Mine would not have been the only blood to run cold when videos of students escaping with little more than their lives popped up on screen.
‘The students are safe’, was a comforting recurrent message. Good.
Still, the flames looked too close to the library for comfort. Spare African Studies and Special Collections, at least, my heart pleaded.
The narrow staircase and eerie cavern at its end provided a most unlikely sense of warmth to students who, like me, sought references and stillness found nowhere else in the southern hemisphere’s biggest library.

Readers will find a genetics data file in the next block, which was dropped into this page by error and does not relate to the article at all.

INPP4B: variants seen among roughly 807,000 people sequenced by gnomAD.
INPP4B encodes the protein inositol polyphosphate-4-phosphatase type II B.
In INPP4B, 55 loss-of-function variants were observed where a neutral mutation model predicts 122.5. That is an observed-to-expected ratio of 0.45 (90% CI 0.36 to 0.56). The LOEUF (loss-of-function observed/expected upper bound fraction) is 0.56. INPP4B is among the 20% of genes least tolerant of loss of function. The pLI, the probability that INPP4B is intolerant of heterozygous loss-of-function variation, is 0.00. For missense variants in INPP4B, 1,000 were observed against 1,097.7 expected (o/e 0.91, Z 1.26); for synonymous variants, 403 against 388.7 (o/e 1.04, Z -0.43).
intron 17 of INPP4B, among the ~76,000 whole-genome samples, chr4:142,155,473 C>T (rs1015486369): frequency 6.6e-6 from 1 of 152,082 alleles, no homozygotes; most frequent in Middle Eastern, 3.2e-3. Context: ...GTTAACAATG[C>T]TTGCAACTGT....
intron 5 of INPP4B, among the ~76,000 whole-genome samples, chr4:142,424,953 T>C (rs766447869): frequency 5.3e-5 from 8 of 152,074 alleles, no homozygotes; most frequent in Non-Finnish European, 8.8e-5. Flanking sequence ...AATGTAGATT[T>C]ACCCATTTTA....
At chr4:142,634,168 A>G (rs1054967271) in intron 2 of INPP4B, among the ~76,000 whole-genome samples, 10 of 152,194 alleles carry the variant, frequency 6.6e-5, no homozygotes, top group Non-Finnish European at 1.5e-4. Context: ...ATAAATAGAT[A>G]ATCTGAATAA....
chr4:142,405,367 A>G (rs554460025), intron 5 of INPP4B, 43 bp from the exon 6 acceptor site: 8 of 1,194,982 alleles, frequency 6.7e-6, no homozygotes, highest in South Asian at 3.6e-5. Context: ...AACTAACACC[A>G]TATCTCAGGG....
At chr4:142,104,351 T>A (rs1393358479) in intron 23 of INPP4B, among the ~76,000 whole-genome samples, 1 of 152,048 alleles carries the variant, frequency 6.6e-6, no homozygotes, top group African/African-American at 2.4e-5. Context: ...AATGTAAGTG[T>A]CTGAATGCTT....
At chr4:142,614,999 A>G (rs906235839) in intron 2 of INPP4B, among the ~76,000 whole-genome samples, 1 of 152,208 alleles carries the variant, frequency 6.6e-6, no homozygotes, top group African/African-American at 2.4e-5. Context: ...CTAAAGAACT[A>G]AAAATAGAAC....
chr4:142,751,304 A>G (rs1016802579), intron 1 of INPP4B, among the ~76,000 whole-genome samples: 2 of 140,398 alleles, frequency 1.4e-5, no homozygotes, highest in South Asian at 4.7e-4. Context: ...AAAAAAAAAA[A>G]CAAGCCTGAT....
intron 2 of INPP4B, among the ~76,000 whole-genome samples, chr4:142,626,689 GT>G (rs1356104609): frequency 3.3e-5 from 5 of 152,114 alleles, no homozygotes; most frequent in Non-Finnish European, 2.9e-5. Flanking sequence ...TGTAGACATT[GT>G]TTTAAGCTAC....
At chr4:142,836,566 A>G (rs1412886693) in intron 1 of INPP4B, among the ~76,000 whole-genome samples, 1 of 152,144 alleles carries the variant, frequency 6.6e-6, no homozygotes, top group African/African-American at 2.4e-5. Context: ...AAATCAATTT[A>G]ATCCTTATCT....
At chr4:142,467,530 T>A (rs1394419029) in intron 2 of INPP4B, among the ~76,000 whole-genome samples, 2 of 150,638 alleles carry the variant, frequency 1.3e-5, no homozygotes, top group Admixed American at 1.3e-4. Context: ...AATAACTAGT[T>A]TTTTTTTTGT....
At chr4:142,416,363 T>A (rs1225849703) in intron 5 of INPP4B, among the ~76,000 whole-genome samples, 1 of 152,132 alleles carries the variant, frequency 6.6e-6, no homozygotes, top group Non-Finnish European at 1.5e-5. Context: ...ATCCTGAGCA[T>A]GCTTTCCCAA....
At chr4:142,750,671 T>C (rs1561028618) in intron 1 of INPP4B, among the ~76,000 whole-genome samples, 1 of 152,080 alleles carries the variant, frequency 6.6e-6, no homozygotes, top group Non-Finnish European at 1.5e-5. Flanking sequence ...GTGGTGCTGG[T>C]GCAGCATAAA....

It was a refuge for seekers of rare insight, a DeLorean for those craving a glimpse of bygone eras.
The librarians of African Studies, Special Collections and Government Publications (I have yet to grow accustomed to the ‘Jagger Reading Room’ moniker’) deserve much credit for enriching so much of my work as a student and as a writer in the UCT Newsroom.
As an Orientation Leader, it was also the place where the new first-years’ eyes would light up the most – “did you say, ‘world’s smallest Bible’?”
To phrase this in the past tense hurts. The true scale of its loss will be processed in pieces; its absence will flare up in moments where, before Sunday’s inferno, it would have marched alongside me on my quest for the day.
A goodbye and thank you to that chamber of treasures would have been fitting.
Temporality, you merciless beast.
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